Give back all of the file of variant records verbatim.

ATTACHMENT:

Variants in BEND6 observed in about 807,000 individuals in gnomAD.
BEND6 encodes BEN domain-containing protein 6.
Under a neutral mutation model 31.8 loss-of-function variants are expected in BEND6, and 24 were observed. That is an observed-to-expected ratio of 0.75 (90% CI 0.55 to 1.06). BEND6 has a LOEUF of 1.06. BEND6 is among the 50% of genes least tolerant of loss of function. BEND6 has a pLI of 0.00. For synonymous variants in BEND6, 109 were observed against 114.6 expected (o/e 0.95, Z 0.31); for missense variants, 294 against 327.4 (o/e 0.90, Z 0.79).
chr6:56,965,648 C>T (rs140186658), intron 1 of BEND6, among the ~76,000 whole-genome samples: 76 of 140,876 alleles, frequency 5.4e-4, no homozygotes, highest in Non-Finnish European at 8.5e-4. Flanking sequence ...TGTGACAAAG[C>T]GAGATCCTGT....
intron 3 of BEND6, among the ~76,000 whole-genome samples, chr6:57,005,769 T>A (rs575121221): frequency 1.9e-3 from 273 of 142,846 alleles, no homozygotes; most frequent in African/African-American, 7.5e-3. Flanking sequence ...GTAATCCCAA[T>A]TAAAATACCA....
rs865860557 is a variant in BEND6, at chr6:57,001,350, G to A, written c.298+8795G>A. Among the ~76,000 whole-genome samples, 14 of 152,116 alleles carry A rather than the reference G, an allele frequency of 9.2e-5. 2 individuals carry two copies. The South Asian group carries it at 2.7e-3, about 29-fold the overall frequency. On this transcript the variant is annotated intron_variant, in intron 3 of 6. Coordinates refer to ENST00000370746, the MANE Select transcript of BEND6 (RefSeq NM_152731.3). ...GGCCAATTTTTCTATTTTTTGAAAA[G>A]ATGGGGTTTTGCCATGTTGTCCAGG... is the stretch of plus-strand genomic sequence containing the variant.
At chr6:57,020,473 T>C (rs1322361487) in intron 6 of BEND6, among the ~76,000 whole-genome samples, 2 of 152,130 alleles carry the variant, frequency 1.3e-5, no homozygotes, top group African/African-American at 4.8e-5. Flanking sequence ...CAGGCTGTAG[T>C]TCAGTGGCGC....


Variants in BEND6 observed in about 807,000 individuals in gnomAD.
BEND6 encodes BEN domain-containing protein 6.
Under a neutral mutation model 31.8 loss-of-function variants are expected in BEND6, and 24 were observed. That is an observed-to-expected ratio of 0.75 (90% CI 0.55 to 1.06). BEND6 has a LOEUF of 1.06. BEND6 is among the 50% of genes least tolerant of loss of function. BEND6 has a pLI of 0.00. For synonymous variants in BEND6, 109 were observed against 114.6 expected (o/e 0.95, Z 0.31); for missense variants, 294 against 327.4 (o/e 0.90, Z 0.79).
chr6:56,965,648 C>T (rs140186658), intron 1 of BEND6, among the ~76,000 whole-genome samples: 76 of 140,876 alleles, frequency 5.4e-4, no homozygotes, highest in Non-Finnish European at 8.5e-4. Flanking sequence ...TGTGACAAAG[C>T]GAGATCCTGT....
intron 3 of BEND6, among the ~76,000 whole-genome samples, chr6:57,005,769 T>A (rs575121221): frequency 1.9e-3 from 273 of 142,846 alleles, no homozygotes; most frequent in African/African-American, 7.5e-3. Flanking sequence ...GTAATCCCAA[T>A]TAAAATACCA....
rs865860557 is a variant in BEND6, at chr6:57,001,350, G to A, written c.298+8795G>A. Among the ~76,000 whole-genome samples, 14 of 152,116 alleles carry A rather than the reference G, an allele frequency of 9.2e-5. 2 individuals carry two copies. The South Asian group carries it at 2.7e-3, about 29-fold the overall frequency. On this transcript the variant is annotated intron_variant, in intron 3 of 6. Coordinates refer to ENST00000370746, the MANE Select transcript of BEND6 (RefSeq NM_152731.3). ...GGCCAATTTTTCTATTTTTTGAAAA[G>A]ATGGGGTTTTGCCATGTTGTCCAGG... is the stretch of plus-strand genomic sequence containing the variant.
At chr6:57,020,473 T>C (rs1322361487) in intron 6 of BEND6, among the ~76,000 whole-genome samples, 2 of 152,130 alleles carry the variant, frequency 1.3e-5, no homozygotes, top group African/African-American at 4.8e-5. Flanking sequence ...CAGGCTGTAG[T>C]TCAGTGGCGC....